Army Veteran Faces 120 Years In Jail For Firing Shots That Caused No Injuries

| by Sheena Vasani
Randal RatledgeRandal Ratledge

A Florida Army veteran faces 120 years in jail for firing two shots that caused no injuries while allegedly under the influence of medical prescription.

In 2012, police charged Randal Ratledge, 58, with six counts of aggravated assault against his neighbors, the Florida Union-Times reports. His trial is now set to begin, and jury selection started on Jan. 4.

In August 2012, Ratledge allegedly screamed at his neighbors and threatened them by shooting two gunshots, one into the air and the other in their direction. Defense attorneys said he was under the influence of Ambien, a behavior-altering drug designed to induce sleep.

Despite the fact that nobody was harmed in the incident, Florida’s 10-20 Life law mandates that anybody firing off a gun receives a minimum prison sentence of 20 years. Ratledge was charged with one count per neighbor involved, hence the possible 120-year sentence.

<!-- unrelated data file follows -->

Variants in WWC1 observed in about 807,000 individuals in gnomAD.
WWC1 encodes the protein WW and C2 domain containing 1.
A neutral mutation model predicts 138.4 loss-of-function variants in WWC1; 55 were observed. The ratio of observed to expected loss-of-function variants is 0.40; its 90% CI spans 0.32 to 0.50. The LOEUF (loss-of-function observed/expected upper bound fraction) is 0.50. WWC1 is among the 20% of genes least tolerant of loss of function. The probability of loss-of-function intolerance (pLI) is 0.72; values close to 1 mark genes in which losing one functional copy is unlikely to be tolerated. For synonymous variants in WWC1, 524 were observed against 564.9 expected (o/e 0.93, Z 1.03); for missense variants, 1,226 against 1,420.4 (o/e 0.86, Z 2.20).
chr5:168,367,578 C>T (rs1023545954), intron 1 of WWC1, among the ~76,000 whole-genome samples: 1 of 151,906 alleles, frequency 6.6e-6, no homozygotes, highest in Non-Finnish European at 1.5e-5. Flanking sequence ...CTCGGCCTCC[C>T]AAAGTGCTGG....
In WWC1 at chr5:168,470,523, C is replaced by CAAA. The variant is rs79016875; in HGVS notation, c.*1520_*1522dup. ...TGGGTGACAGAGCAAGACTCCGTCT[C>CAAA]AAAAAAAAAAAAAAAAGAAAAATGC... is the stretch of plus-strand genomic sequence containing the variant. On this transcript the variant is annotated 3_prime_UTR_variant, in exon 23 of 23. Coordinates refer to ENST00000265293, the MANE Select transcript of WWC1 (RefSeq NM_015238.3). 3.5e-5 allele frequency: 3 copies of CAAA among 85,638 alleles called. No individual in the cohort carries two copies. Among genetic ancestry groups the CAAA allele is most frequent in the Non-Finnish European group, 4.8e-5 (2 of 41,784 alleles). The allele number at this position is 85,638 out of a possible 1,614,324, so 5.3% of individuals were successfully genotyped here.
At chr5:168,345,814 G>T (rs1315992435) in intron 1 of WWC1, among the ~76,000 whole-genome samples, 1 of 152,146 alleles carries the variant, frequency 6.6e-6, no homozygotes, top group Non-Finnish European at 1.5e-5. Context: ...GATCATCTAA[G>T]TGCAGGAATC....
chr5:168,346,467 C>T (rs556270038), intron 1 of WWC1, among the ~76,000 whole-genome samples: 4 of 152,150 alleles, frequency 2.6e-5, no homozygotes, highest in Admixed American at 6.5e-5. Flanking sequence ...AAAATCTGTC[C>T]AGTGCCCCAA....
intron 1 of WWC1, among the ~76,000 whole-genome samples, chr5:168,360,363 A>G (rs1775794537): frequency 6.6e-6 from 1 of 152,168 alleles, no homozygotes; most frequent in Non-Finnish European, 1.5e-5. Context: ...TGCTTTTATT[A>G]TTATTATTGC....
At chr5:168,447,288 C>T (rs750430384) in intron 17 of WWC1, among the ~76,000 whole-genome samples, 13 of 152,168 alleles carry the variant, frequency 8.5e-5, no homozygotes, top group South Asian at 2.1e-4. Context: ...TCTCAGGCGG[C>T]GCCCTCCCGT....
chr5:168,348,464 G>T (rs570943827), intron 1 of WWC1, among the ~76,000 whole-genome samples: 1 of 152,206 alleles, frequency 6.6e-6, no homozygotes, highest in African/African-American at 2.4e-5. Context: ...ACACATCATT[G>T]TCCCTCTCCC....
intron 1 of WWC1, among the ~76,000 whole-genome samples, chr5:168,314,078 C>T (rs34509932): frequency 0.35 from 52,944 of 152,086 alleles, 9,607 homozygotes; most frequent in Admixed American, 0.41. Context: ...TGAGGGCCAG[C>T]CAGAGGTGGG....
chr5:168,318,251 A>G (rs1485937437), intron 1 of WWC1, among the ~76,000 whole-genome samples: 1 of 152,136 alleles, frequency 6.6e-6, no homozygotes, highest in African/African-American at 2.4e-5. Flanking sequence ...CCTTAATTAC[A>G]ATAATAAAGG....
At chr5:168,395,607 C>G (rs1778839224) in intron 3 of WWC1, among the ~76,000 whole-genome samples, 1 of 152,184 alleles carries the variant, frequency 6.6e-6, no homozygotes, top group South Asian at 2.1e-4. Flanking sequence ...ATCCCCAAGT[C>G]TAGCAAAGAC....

Defense attorneys asked the judge to make an exception in this case.

"While we cannot get into specifics pretrial, the state has considered all options, which include waiving the 20-year minimum mandatory," state attorney spokeswoman Jackelyn Barnard told the Union-Times.

Still, according to defense attorney Bill Sheppard, the best offer proposed to Ratledge by prosecutors so far is 18 years in prison.

Given the veteran’s age, this would mean Ratledge would likely spend the rest of his life in jail.

"The problem with our system now is judges have no discretion," Sheppard said. "Prosecutors decide the sentence, not judges."

Ratledge’s defense team reportedly plans to argue during the trial he was “involuntarily intoxicated" and thus is not responsible for his behavior.

“He remembers taking the Ambien, and then he remembers being in shackles,” Bryan DeMaggio, the veteran’s second defense attorney, said.

​At the moment, Ratledge is at home out on bail but is court-mandated to stay at home for the majority of the time. He is doing well, according to Sheppard.

“He’s a soldier trained by the U.S. Army,” he explained. “He was trained to deal with it.”

Sources: The Huffington PostThe Florida Times-Union / Photo Credit: Police photo